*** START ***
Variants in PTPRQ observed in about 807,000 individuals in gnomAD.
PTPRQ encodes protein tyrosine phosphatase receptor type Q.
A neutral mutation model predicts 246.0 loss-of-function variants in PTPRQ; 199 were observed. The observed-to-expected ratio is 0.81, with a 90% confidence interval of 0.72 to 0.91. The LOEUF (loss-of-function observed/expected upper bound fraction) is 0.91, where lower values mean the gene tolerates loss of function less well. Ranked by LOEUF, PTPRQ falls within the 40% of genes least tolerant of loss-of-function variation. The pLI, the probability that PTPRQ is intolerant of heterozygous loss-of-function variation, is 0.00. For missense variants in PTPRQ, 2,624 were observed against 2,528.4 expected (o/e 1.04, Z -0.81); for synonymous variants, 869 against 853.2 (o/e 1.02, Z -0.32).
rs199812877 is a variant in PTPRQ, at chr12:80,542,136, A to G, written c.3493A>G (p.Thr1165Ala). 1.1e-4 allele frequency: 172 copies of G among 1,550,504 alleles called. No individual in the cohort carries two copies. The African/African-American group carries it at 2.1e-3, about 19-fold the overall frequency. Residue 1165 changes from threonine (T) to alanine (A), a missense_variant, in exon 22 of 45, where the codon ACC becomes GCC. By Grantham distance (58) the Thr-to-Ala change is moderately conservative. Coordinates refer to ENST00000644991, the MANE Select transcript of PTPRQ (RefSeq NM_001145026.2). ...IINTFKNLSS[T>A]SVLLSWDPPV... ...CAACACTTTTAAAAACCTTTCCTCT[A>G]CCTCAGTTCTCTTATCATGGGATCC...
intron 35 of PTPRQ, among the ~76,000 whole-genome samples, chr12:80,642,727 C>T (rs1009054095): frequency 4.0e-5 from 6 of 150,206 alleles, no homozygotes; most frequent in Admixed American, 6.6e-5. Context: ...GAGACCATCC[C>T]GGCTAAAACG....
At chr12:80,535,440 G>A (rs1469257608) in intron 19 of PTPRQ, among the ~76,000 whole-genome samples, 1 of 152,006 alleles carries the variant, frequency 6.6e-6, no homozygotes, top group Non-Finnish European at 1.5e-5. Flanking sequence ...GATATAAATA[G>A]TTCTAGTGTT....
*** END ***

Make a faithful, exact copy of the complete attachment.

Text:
Variants in PTPRQ observed in about 807,000 individuals in gnomAD.
PTPRQ encodes protein tyrosine phosphatase receptor type Q.
A neutral mutation model predicts 246.0 loss-of-function variants in PTPRQ; 199 were observed. The observed-to-expected ratio is 0.81, with a 90% confidence interval of 0.72 to 0.91. The LOEUF (loss-of-function observed/expected upper bound fraction) is 0.91, where lower values mean the gene tolerates loss of function less well. Ranked by LOEUF, PTPRQ falls within the 40% of genes least tolerant of loss-of-function variation. The pLI, the probability that PTPRQ is intolerant of heterozygous loss-of-function variation, is 0.00. For missense variants in PTPRQ, 2,624 were observed against 2,528.4 expected (o/e 1.04, Z -0.81); for synonymous variants, 869 against 853.2 (o/e 1.02, Z -0.32).
rs199812877 is a variant in PTPRQ, at chr12:80,542,136, A to G, written c.3493A>G (p.Thr1165Ala). 1.1e-4 allele frequency: 172 copies of G among 1,550,504 alleles called. No individual in the cohort carries two copies. The African/African-American group carries it at 2.1e-3, about 19-fold the overall frequency. Residue 1165 changes from threonine (T) to alanine (A), a missense_variant, in exon 22 of 45, where the codon ACC becomes GCC. By Grantham distance (58) the Thr-to-Ala change is moderately conservative. Coordinates refer to ENST00000644991, the MANE Select transcript of PTPRQ (RefSeq NM_001145026.2). ...IINTFKNLSS[T>A]SVLLSWDPPV... ...CAACACTTTTAAAAACCTTTCCTCT[A>G]CCTCAGTTCTCTTATCATGGGATCC...
intron 35 of PTPRQ, among the ~76,000 whole-genome samples, chr12:80,642,727 C>T (rs1009054095): frequency 4.0e-5 from 6 of 150,206 alleles, no homozygotes; most frequent in Admixed American, 6.6e-5. Context: ...GAGACCATCC[C>T]GGCTAAAACG....
At chr12:80,535,440 G>A (rs1469257608) in intron 19 of PTPRQ, among the ~76,000 whole-genome samples, 1 of 152,006 alleles carries the variant, frequency 6.6e-6, no homozygotes, top group Non-Finnish European at 1.5e-5. Flanking sequence ...GATATAAATA[G>A]TTCTAGTGTT....